Job opportunities are plentiful for science and technology, so providing students with insight into the field was a no-brainer.
Students explored majors within Science, Technology, Engineering and Mathematics at a meet-and-greet with STEM professionals at Pierce College on Feb. 20 and 21.
General Counselor and Event Facilitator Lily Duong organized the event, which is the second in Pierce’s history, that gave students an opportunity to learn more about transfer requirements and life beyond their degrees.
Duong said the STEM event offered an appropriate time and place for students to pose questions to people that they might not have had an opportunity to interact with otherwise.
“We want to have a STEM culture on campus,” Duong said. “I really wanted to expose students to STEM and have them think about whether or not they want to transfer to a UC or a Cal State as a STEM major and, on top of that, I want them to be able to talk to professional people.”
Duong said she invited students from other schools to share with Pierce students what it was like to be a community college student and transfer to CSUs or UCs.
Career and Technical Education Counselor David Turcotte facilitated the panel and said that last year’s professional guests came from a number of corporate backgrounds that varied in name recognition and size.
“We’ve had some major people from Google, NASA, JPL and Snapchat–some very big corporations and very small businesses here in the valley that I think are great for students to see what’s possible, either for employment or starting their own businesses,” Turcotte said.
Turcotte said the College and other state-funded programs are concerned with creating a STEM-friendly environment because they want their graduates to be employed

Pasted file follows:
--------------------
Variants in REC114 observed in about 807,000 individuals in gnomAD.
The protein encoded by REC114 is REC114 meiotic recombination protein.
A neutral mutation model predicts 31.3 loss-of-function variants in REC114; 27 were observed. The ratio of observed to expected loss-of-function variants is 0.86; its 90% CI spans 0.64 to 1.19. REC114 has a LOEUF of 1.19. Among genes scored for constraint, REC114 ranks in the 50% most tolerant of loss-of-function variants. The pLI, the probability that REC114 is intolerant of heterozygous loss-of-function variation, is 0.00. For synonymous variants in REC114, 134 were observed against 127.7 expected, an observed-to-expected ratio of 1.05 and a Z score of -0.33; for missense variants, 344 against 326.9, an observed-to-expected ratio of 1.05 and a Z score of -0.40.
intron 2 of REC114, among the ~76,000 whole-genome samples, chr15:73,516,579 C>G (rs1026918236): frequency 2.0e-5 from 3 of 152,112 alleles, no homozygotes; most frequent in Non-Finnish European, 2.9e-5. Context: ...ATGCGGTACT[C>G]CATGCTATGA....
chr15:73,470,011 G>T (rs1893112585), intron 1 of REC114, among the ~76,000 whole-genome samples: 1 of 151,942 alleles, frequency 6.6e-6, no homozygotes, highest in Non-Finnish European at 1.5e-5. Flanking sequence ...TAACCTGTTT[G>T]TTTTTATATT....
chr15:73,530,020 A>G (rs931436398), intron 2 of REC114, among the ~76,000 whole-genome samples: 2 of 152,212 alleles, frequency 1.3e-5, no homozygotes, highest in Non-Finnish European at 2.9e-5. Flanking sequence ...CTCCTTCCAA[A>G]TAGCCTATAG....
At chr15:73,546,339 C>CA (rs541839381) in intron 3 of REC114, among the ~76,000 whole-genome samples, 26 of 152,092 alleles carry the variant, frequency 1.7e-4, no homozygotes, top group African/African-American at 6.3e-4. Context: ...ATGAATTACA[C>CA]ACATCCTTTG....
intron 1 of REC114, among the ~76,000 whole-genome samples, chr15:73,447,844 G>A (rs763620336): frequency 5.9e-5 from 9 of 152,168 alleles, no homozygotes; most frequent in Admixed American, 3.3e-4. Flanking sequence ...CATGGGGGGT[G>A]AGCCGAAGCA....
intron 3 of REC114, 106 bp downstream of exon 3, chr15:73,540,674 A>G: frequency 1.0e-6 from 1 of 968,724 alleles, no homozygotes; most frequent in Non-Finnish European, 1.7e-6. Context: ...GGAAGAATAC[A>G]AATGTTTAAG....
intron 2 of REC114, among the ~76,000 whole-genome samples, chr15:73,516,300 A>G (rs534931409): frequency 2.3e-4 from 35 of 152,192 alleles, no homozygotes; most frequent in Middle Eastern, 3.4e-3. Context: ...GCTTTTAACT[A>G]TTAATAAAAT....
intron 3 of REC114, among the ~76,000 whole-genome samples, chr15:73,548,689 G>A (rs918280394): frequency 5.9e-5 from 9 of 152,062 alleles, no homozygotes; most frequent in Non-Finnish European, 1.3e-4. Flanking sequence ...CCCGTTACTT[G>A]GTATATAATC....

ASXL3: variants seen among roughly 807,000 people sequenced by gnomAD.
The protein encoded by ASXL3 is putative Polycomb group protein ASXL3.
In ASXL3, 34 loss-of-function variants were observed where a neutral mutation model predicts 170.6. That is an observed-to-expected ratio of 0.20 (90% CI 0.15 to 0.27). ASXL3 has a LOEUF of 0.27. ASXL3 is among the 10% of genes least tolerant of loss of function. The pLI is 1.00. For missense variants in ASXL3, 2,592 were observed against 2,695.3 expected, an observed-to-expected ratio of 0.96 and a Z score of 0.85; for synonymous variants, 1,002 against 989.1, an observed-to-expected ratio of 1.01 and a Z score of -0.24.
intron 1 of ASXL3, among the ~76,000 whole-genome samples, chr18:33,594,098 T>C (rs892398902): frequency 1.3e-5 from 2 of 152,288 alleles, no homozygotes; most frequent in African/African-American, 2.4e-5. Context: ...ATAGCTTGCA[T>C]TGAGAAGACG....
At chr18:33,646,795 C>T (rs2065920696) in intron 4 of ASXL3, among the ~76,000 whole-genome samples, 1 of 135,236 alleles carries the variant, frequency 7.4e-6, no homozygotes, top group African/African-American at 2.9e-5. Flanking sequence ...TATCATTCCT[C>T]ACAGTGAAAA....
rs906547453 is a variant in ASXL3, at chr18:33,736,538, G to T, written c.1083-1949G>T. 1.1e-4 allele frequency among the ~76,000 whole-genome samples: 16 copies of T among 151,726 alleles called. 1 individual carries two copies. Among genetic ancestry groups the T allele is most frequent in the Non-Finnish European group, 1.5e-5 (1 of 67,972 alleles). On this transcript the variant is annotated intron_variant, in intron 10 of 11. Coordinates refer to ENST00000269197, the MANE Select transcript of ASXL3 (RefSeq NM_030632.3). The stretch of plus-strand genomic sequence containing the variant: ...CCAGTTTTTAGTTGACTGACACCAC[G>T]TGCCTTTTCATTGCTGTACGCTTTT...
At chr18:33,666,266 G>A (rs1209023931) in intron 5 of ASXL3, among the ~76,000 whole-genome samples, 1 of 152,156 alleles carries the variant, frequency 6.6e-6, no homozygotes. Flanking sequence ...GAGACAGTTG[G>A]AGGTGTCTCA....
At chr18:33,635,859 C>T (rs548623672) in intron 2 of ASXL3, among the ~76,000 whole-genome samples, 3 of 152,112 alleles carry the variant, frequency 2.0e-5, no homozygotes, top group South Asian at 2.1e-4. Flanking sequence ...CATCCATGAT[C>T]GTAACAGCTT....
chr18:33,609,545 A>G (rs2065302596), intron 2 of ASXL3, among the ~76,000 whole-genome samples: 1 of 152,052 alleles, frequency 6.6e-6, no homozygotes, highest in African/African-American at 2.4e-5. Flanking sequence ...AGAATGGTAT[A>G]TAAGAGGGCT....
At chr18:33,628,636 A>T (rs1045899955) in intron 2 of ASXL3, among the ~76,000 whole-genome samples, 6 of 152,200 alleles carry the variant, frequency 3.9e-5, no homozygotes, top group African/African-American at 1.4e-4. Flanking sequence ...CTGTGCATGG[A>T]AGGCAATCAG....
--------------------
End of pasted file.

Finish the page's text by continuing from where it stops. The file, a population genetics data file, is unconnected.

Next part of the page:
“STEM is one of the things we are pushing in our Pathway programs because we know that’s where the jobs are,” Turcotte said.
The week’s events paint a realistic picture of the demands STEM students face.
Turcotte described the rigor of the coursework as “very tough.”
“You’re taking science classes depending on the STEM major, computer science, biology, physics, and they involve very sequential list of courses, mathematics, physics, chemistry,” Turcotte said. “Typically your stem majors are going to be 60-70, even to 90 units to transfer.”
Turcotte said completing that number of units can be especially challenging for students hoping to complete their education in a timely fashion with obligations outside of school. Duong echoed this concern.
“We want people who are undecided or just starting to consider STEM, because as a STEM major you have to start earlier,” Duong said.
Astronomy Professor and Physics Planetary Sciences Department Chair Dale Fields said the week will most likely have motivated STEM students doing their daily grind by showing them “the light at the end of the tunnel.”
“There are a lot of classes you have to take to be a STEM major and we’re seeing people who are successful at it, both students who have recently transferred and also people that have gone on to become employed in STEM, so you can see what kind of jobs are out there waiting for you,” Fields said.